LIVE REVIEW: The Postal Service at Academy, Manchester, 18/05/13

postal service manchester academy


Written for DIY

Funny how things turn out. An electronica whizzkid and an indie rock savant make fun pop music as a little side project, and it becomes one of the biggest albums (within certain circles) of recent times. Then, ten years after the fact, they decide to actually tour the thing.

One of the most awkward things about gigs is when a band wheel out material from the new record they’re touring in support of – people don’t want to see that. Sometimes they’ve not even heard the record. They want the hits! So when a band with only one album – which people have had plenty of time to acquaint themselves with – play live, it’s kind of magical: tonight, everybody sings along to every word, excepting a surprising Beat Happening cover mid-set.

The overwhelming crowd reaction to every track from ‘Give Up’, from start to finish, is a perfect moment in a night full of them. Some of those other moments include: Ben Gibbard’s dancing (the guy looks like he’s having the time of his life, sashaying his hips and awkwardly swinging his arms, dad-disco style); the ‘echo’ of Rilo Kiley’s Jenny Lewis and Laura Burhenn of the Mynabirds after every line of ‘Clark Gable’; Gibbard and Lewis’ brilliant, vaudeville fight-dance during ‘Nothing Better’; and the frontman taking to the drums for the end of set opener ‘The District Sleeps Alone Tonight’.

For an album that was recorded by two guys sending each other stuff through the post, recorded on computers, this is an incredible live show: Tamborello behind his laptop, but providing backing vocals throughout; harmonies, vibraphone, guitars and more provided by Lewis and Burhenn; and then Gibbard himself running all across a stage set up stuffed with the sort of light show you’d expect from Daft Punk’s next tour. The songs, aged well, are spine-tingling in their performance. It’s like watching the resurrection of a lost loved one, and they know some really good tunes, performed perfectly with nice new bits.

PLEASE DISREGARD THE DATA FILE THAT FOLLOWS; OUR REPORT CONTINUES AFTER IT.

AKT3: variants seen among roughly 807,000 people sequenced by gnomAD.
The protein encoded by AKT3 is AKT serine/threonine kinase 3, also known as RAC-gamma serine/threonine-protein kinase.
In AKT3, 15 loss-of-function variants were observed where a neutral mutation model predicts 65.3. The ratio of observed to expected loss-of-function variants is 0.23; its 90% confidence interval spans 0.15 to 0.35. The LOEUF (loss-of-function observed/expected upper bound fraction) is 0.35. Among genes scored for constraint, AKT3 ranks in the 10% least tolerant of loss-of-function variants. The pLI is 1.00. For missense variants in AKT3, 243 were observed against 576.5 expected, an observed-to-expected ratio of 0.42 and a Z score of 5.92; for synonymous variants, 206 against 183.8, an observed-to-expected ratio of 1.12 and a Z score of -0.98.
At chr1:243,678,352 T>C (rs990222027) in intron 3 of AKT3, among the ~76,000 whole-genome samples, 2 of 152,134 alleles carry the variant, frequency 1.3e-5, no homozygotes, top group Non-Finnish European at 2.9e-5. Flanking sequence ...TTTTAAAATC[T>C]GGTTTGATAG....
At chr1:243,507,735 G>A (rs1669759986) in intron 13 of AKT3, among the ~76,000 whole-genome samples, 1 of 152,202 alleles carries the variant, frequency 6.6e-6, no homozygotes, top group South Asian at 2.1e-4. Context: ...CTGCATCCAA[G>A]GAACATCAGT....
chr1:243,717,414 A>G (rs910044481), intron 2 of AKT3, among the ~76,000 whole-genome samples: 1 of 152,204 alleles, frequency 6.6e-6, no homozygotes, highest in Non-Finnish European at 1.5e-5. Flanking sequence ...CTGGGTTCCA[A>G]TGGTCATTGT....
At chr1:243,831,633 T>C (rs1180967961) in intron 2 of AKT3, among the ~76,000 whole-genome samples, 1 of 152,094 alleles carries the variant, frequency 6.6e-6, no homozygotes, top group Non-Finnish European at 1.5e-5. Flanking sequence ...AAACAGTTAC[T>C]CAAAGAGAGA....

The only down note, in fact, is one of the few on ‘Give Up’: the dirge-like, sluggish ‘This Place Is A Prison’. At the end, however, it grows into possibly the most thrilling song of the night: Gibbard gets behind the drums again for the outro, belting out the refrain “What does it take / How long must I wait?” Well, ten years, apparently. And then it turns out to be one of the best gigs of the decade. Funny how things turn out.


One Response to “LIVE REVIEW: The Postal Service at Academy, Manchester, 18/05/13”
  1. Alan hobo Stewart Poet/Songwriter says:

    I don’t agree about bands playing only established songs. Yes audiences pay the ticket price to hear favourite songs, but should also expect to hear new material. I have actually bought albums based on new material in a set. Why should I risk buying something I haven’t heard (although I often do). I’d rather trust my ears than some journalists opinion. I remember a certain U2 album getting a 2 star review on release in Q Magazine, strangely enough by Christmas it was their album of the year? That’s how good music critics are!
    If you want hits only stick with tribute bands and Best Of Compilations (never the best songs anyway).

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